In Jansen’s view, a key aspect of the Wandervögel was the scope to form intense masculine friendships within a Männerbund — that is, a band of masculine men. As documented by Hans Blüher, the first Wandervögel historian, in a scandalous 1910 book titled The German Wandervögel Movement as Erotic Phenomenon, Jansen saw such relationships as crucial to masculine formation and endeavour.
A man of ferociously antisemitic views and, like Jansen, unconventional sexual proclivities, Blüher argued that Wandervögel friendships in all-male groups should be understood as erotic, albeit in an unconsummated way. Blüher rejoiced in the restoration of “ancient gymnastics”, complaining that “the most natural form of gymnastics” had been “erased by Christian culture” and should be restored, along with “the open nobleness of nudity”.
The friendships formed in such groups were, Jansen and Blüher argued, superior to relationships with the opposite sex. Men should channel their masculine, creative energy in richer and more fruitful ways than just pulling girls, by seeking out and intensifying cooperation within a Männerbund. “Where does the vitality that is capable of giving rise to such a movement of masculine youth come from,” Jansen asked, “if not from men who, instead of loving a wife or becoming the father of a family, loved young men and founded Männerbünde?”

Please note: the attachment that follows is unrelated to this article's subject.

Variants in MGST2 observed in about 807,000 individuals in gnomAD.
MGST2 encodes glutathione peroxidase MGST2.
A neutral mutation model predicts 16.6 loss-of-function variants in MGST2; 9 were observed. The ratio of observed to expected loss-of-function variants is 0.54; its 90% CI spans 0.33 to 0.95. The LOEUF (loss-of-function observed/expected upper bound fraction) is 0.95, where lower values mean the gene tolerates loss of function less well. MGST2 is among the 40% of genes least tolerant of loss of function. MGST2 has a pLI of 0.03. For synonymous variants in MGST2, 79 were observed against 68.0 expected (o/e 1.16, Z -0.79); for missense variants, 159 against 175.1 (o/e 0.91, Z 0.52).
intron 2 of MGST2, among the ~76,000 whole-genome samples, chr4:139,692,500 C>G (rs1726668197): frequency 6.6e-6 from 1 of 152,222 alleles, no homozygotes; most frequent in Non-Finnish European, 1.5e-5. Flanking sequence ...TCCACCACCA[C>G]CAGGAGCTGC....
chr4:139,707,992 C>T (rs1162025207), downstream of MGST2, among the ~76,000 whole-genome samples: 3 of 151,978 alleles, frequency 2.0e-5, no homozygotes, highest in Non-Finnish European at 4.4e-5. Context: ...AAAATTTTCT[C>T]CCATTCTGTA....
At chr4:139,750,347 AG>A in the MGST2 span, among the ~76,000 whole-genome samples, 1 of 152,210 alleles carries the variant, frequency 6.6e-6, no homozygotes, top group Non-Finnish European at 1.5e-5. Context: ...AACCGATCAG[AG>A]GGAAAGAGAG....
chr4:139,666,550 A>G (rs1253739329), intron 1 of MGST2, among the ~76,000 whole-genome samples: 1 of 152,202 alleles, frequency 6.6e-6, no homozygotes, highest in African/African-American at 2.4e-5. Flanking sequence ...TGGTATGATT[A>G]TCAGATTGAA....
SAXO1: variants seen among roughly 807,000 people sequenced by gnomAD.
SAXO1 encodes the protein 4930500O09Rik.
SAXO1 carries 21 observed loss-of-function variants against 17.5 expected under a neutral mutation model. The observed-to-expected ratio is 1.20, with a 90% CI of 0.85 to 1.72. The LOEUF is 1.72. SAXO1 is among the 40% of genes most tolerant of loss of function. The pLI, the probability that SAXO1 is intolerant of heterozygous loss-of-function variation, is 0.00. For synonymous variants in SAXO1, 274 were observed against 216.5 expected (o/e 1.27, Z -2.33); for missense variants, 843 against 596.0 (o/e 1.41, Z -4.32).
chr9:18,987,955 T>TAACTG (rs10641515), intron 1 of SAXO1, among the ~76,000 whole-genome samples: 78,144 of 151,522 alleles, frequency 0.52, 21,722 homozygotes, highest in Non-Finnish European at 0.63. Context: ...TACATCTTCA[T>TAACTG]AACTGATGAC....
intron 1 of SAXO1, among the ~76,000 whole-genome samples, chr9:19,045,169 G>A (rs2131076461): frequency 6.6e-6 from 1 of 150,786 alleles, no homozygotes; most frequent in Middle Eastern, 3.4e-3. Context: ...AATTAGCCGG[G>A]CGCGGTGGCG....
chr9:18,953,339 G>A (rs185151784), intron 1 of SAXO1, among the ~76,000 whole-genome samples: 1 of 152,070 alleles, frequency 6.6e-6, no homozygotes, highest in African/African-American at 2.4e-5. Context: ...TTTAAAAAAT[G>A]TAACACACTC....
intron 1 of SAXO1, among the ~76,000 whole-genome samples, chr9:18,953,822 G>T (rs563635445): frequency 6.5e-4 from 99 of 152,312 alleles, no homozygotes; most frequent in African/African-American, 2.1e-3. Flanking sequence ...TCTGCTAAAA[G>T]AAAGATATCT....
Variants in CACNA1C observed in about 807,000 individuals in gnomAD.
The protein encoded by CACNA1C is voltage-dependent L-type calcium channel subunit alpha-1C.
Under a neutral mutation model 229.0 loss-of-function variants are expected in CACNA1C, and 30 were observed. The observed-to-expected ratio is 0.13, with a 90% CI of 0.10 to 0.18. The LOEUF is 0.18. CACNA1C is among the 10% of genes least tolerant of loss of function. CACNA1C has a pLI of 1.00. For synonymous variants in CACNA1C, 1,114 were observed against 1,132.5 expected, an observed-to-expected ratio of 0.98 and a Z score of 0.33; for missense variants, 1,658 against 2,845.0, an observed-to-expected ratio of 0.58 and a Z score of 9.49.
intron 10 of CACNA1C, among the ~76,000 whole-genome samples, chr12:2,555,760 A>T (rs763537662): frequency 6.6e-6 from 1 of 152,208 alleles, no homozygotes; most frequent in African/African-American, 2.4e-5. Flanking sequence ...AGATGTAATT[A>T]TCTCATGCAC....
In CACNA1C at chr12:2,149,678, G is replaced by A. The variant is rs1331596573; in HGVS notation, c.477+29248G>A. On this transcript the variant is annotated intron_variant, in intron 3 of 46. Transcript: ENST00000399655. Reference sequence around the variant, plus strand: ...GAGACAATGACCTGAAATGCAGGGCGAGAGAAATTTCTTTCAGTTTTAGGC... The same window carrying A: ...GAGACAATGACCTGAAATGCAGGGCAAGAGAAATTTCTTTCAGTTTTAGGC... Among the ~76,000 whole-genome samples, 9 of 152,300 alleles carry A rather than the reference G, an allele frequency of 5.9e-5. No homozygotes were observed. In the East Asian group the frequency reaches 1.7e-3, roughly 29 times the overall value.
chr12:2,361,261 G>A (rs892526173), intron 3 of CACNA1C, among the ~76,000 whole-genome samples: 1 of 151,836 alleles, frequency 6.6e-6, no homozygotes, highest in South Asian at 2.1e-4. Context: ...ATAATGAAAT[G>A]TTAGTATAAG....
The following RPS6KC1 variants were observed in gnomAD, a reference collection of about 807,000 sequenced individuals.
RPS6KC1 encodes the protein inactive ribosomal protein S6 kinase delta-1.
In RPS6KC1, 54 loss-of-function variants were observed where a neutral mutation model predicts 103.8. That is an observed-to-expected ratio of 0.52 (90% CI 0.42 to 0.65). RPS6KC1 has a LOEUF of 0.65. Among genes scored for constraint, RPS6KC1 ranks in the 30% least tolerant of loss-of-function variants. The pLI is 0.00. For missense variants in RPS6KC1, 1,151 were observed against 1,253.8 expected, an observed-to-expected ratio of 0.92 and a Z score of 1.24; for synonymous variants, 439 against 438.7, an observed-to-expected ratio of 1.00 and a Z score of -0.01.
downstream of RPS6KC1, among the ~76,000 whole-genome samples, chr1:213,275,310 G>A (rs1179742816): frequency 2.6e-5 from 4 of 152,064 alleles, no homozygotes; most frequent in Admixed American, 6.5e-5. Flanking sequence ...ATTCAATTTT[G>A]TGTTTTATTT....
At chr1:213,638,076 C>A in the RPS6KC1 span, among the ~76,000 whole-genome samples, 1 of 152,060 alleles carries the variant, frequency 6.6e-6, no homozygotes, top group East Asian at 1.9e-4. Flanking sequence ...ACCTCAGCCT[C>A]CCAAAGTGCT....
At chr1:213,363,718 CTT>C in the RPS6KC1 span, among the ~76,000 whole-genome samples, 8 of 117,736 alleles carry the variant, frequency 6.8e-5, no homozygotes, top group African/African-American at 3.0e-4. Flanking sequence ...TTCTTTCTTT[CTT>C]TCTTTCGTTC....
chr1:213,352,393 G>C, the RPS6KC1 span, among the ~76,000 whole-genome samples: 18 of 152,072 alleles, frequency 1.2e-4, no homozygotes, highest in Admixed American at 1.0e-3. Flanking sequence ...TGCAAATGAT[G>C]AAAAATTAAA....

But rumours about Jansen’s relations with younger men saw him driven from his leadership post in 1910. By then, across the movement as a whole, fierce debates raged between chapters about whether to include girls or “non-German” members, whether to permit alcohol and tobacco, or whether to embrace other popular lifestyle reform issues of the time, such as vegetarianism. After the Great War ended, returning Wandervögel — now military veterans — brought back a battle-seasoned, patriotic masculinism to the now largely mixed-sex hiking culture, and in response the Alt-Wandervögel expelled women and girls into a parallel organisation.